The Effects of Dividends for Company and Shareholders
Jaap de Jonge, Editor, Netherlands
The declaration of a dividend obviously encourages investors to purchase stock. SInce they know that they will receive a dividend if they purchase the stock before the ex-dividend date, they are willing to pay a premium. This causes the price of a stock to increase in the days leading up to the ex-dividend date. In general, the increase is approximately equal to the amount of the dividend.
On the ex-dividend date, the stock price is likely to decrease by the approximate amount of the dividend to account for the fact that new investors are not eligible to receive dividends and are therefore unwilling to pay a premium. But if the market is really optimistic about the stock leading up to the ex-dividend date, the price increase this creates may be larger than the actual dividend amount, resulting in a net increase despite the automatic reduction.And if the dividend is very small, the reduction may go unnoticed.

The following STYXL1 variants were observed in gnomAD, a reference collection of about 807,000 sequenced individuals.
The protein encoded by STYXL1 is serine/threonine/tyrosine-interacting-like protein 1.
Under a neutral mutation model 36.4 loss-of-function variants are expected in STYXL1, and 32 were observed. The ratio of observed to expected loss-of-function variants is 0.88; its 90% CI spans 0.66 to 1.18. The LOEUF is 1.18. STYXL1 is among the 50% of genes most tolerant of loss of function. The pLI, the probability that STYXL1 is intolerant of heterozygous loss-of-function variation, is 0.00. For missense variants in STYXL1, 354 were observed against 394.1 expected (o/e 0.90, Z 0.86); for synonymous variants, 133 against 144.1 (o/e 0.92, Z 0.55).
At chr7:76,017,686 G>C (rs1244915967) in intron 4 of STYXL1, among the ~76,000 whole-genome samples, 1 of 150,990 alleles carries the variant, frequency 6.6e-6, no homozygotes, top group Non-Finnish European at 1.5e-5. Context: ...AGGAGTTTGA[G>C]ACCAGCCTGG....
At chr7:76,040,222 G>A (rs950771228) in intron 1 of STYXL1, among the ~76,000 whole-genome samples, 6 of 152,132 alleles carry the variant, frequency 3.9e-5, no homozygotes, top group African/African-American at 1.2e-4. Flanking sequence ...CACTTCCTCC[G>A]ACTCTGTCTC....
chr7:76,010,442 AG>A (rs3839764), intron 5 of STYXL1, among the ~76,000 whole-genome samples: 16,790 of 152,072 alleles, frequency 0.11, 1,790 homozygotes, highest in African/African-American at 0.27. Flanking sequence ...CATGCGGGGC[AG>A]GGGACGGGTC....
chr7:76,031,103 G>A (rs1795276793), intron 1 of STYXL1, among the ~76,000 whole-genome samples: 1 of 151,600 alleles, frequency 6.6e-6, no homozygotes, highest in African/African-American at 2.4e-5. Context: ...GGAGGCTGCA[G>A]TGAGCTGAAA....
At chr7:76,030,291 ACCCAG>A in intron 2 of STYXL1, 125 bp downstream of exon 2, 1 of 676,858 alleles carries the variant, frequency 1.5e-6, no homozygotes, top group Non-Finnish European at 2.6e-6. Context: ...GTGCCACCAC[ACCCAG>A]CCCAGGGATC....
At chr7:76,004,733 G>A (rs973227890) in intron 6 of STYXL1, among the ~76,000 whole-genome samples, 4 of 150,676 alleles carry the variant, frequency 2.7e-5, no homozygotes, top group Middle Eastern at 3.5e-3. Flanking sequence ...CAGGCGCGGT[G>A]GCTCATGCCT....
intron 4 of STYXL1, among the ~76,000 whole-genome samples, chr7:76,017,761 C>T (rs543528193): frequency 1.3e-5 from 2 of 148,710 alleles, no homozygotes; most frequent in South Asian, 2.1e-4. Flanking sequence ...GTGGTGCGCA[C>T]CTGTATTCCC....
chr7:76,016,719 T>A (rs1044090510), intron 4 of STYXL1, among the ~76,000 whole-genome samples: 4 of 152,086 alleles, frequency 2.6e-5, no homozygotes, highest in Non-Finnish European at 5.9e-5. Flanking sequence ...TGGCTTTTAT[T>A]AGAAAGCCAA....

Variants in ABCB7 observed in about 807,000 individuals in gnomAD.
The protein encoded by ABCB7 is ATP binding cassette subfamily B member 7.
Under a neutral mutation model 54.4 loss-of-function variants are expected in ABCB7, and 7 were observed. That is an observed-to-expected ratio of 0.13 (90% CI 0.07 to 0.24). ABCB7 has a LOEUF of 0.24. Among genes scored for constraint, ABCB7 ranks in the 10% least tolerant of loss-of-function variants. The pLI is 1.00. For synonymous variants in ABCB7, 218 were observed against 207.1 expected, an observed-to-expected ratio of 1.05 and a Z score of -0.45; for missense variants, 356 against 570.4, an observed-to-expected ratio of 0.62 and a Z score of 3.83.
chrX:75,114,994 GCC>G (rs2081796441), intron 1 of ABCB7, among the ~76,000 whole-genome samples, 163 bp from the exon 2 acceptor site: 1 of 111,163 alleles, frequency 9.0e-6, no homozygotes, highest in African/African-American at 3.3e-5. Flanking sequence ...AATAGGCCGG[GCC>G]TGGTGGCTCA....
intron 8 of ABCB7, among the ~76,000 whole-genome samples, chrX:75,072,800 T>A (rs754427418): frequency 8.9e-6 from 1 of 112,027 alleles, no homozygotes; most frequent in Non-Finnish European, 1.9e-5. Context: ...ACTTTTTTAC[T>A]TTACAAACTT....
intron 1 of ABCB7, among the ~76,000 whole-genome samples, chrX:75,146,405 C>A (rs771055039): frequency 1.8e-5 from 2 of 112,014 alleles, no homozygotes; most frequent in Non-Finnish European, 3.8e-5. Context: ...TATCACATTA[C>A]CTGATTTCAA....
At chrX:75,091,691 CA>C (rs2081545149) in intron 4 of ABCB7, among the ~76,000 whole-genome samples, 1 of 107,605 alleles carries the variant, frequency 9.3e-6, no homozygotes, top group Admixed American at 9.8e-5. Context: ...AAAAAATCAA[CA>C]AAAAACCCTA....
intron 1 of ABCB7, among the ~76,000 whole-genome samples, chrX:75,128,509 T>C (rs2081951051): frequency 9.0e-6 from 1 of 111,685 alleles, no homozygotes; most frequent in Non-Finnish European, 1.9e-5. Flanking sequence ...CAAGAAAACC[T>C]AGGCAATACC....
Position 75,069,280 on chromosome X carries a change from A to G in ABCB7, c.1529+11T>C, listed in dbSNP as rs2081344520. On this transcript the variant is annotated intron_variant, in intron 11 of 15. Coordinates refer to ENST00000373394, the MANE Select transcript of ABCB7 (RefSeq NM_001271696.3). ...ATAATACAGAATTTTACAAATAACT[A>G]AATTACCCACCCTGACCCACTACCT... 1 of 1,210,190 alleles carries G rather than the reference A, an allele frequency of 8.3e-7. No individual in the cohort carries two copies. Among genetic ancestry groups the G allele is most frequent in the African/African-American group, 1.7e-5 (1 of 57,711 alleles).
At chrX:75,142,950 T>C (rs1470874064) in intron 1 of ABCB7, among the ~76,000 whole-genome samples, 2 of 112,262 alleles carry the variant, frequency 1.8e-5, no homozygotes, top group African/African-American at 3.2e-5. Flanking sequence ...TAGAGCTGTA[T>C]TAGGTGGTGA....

Some shareholders invest in certain stocks at certain times solely for the purpose of collecting dividend payments. They purchase shares just before the ex-dividend date and then sell them again right after the date of record.